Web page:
The vehicle is parked in my garage and is no use to me
If you are considering purchasing a motor vehicle from the Chrysler Corporation, you might want to read this. I have documentation to prove that all of this has happened. I purchased a new Jeep Liberty in March, 2002, from CarMax in Norcross, Georgia. I ordered a model so "loaded" (everything except the sunroof) that the salesman said he had never seen one that expensive. I also bought the extended warranty.
PROBLEM NUMBER 1: The original transmission lasted 10,781miles. It bucked and jumped on its own schedule. When shifting into drive from neutral, the vehicle hesitated for a couple of seconds and then it felt like another vehicle rammed it from the rear at five or six MPH. The tranny had to be removed and "rebuilt" in order to function properly.
PROBLEM NUMBER 2: The people at CarMax in Norcross, Georgia, tricked me out of the use of a rental car during the eleven days I was without my Jeep. (I filed a lawsuit in Small Claims Court for the rental car reimbursement and lost. The Service Manager showed up for the trial with a photo copy of the owner's manual which said the owner is not entitled to rental car reimbursement. This is true under the warranty, but not true under the extended service agreement, which I had purchased from Chrysler Corporation. I didn't have a copy of the extended service agreement with me, so I lost the case. The loss is no big deal, but a good indication of the type of people one deals with at Chrysler and CarMax.)
PROBLEM NUMBER 3: At just over 18,000 total miles (7,000 on tranny #2, after the lawsuit had been filed, but before the court date) the next transmission started acting up again with the same symptoms. I went back to CarMax for service again. The Service Writer, Wayne, added a quart of ATF, but when the Service Manager saw me, he told Wayne to close the hood of my vehicle. The Service Manager basically threw me out of the dealership, "since I had filed a lawsuit against him." I left (of course) and went to All-Star Chrysler in Chamblee, Georgia. They installed tranny #3 at about 18,638 miles. It took them about a month to do the job due to "non-availability of parts."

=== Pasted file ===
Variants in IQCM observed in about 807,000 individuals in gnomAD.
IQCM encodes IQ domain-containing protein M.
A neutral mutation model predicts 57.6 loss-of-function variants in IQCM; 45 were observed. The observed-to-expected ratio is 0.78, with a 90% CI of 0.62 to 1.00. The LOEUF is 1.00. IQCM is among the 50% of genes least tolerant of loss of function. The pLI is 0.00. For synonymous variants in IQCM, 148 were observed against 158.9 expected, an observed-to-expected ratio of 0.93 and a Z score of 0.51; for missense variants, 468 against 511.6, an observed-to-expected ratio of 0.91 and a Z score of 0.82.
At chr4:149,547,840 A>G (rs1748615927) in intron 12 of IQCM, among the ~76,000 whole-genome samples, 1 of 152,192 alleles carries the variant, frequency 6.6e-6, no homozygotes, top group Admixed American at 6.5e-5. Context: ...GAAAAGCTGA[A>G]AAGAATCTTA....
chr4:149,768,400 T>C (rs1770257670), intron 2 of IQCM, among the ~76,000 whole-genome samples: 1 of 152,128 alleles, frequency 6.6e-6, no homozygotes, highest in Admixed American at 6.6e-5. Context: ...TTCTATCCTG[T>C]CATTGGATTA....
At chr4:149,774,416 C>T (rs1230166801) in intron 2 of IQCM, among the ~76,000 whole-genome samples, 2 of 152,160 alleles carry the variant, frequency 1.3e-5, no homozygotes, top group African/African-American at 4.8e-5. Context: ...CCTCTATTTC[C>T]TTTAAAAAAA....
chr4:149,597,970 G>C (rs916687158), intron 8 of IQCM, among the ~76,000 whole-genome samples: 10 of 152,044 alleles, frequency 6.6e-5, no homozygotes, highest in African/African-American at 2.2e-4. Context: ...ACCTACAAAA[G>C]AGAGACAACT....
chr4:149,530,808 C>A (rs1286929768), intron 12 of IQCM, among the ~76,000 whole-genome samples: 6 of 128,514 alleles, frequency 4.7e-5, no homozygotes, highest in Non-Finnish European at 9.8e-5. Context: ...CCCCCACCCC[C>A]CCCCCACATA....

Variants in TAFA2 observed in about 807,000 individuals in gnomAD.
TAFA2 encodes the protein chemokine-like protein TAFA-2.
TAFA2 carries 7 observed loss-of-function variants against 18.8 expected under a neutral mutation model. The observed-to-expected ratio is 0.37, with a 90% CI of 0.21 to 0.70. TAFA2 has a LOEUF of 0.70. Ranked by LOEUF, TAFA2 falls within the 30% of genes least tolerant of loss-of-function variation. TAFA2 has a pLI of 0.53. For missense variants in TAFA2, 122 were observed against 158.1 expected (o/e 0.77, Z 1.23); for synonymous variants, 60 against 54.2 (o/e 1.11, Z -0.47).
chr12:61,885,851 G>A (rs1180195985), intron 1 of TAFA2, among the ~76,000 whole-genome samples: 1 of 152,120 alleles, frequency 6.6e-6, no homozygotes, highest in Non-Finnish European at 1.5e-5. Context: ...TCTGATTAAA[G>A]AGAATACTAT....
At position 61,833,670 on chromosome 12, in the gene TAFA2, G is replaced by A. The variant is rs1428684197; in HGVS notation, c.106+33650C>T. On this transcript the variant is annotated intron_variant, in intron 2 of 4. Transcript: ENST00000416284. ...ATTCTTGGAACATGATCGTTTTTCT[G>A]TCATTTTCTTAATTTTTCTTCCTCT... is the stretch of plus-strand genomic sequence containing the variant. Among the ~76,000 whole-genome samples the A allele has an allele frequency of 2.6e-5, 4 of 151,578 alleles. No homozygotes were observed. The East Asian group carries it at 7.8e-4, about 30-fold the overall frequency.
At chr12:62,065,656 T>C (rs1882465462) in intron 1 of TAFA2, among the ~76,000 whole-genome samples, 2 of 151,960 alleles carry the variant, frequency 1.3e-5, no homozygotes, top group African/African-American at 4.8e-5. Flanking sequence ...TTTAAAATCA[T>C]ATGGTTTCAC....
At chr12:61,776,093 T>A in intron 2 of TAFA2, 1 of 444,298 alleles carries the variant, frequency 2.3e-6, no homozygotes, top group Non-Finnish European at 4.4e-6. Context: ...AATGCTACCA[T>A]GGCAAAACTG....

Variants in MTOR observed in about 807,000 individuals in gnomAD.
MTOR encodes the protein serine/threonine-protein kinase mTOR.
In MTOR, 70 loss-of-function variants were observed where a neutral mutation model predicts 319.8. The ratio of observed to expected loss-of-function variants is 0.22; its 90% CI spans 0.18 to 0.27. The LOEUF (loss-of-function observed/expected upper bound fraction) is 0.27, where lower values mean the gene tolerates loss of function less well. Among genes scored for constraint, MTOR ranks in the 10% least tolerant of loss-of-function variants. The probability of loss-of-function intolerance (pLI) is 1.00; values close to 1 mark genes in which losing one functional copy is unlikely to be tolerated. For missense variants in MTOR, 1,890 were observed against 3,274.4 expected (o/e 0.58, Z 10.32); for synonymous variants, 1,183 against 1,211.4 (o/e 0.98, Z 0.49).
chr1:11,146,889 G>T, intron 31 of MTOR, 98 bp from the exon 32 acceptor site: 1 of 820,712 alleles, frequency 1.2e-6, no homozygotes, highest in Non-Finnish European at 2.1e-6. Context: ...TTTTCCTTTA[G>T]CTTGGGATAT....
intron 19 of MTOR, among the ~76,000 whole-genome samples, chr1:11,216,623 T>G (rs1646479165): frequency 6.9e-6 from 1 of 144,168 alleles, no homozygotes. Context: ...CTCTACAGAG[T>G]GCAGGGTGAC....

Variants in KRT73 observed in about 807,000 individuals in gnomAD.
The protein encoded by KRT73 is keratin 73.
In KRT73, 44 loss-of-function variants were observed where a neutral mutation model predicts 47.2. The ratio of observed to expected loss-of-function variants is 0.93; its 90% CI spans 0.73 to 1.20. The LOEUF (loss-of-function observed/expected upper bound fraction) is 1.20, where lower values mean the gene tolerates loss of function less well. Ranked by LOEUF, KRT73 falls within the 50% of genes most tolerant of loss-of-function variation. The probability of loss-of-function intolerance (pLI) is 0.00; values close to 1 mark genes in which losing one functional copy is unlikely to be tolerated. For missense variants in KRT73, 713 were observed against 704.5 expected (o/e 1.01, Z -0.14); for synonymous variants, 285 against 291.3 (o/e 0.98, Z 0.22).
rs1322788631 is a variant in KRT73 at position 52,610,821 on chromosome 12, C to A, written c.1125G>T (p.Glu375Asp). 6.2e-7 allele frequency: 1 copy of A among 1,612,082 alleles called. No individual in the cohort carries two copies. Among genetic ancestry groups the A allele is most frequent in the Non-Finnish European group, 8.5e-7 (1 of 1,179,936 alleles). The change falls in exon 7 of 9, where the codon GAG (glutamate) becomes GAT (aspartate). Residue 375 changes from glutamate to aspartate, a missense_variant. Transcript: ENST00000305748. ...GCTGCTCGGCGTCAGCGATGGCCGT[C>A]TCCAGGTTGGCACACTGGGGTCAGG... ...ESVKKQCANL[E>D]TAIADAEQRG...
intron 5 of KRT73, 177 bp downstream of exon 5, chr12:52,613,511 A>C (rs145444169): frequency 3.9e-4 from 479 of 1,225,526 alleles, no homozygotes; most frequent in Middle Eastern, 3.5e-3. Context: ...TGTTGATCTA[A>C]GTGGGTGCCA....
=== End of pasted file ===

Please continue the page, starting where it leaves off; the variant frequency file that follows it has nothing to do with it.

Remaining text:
PROBLEM NUMBER 4: At about 28,000 miles, tranny #3 died. Same symptoms!! I returned the vehicle to All Star Chrysler and requested an adjustment under the "Georgia Lemon Law" (Georgia Code 10-1-780). All Star Chrysler didn't want to talk about the Lemon Law, but offered to try to fix the vehicle again. On the advice of counsel, I refused service, parked the vehicle, set up a "Care Account" at Chrysler, wrote the President, and stood by. Weeks later I have received no written response to my business letter addressed to president. Some dude did call me on the telephone and feed me some "stuff " over the phone about how he thought Chrysler should be able to fix the tranny. I told him to stand by for further developments.
PROBLEM NUMBER 5: I wrote the President of Chrysler a second time, requesting copies of all service orders and documentation relative to the transmission problem. Under the Georgia Lemon Law, I am entitled to these reports. Access to these reports has been refused by the Chrysler employees at All Star Chrysler upon my verbal and written requests. I have not heard from the office of the president. I may have to file a separate lawsuit to get the records.
I am in the market for a new vehicle that will actually work. Does anybody have a story about WORSE treatment by a manufacturer/dealer? If so, I'll know to steer away from that combination as well as Chrysler/CarMax.
Would you buy another car from this manufacturer? No
Review Date: 18th August, 2003